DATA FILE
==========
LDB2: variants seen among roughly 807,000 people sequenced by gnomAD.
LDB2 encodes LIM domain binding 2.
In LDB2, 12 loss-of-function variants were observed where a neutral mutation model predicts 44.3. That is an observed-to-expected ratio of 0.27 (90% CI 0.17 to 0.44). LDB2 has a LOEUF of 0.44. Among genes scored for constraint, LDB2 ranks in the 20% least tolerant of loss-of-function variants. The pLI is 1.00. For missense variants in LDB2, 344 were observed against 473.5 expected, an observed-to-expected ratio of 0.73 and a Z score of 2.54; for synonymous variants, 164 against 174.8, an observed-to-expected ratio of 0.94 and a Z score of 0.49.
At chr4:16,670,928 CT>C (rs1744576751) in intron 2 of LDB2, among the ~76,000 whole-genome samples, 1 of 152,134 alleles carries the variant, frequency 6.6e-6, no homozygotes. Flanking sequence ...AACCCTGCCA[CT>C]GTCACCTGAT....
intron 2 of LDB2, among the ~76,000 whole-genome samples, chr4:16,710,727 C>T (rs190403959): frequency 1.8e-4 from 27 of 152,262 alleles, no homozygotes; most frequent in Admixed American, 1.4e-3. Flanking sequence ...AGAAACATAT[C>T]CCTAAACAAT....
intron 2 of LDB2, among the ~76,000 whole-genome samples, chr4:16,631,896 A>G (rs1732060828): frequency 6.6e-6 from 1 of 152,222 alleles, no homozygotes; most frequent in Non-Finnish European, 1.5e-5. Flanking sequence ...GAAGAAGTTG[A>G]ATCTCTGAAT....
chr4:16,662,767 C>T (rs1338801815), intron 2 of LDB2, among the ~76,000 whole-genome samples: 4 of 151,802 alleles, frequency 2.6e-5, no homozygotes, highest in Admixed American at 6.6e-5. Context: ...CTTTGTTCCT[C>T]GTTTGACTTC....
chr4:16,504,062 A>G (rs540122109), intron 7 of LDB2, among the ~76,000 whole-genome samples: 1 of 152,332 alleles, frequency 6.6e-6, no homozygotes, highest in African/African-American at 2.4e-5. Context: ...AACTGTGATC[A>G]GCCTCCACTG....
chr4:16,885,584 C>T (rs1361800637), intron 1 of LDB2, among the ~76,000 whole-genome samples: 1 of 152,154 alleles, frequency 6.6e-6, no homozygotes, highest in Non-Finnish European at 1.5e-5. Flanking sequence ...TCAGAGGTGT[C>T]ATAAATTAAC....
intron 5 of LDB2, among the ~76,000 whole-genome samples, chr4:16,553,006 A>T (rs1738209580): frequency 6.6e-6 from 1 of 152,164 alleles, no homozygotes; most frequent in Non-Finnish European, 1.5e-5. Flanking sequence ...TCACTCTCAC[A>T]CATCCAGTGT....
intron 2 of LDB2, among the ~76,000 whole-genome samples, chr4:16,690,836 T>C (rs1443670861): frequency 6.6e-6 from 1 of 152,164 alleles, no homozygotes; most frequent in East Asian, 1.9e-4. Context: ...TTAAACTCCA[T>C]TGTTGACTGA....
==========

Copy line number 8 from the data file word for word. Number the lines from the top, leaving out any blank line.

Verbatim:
chr4:16,504,062 A>G (rs540122109), intron 7 of LDB2, among the ~76,000 whole-genome samples: 1 of 152,332 alleles, frequency 6.6e-6, no homozygotes, highest in African/African-American at 2.4e-5. Context: ...AACTGTGATC[A>G]GCCTCCACTG....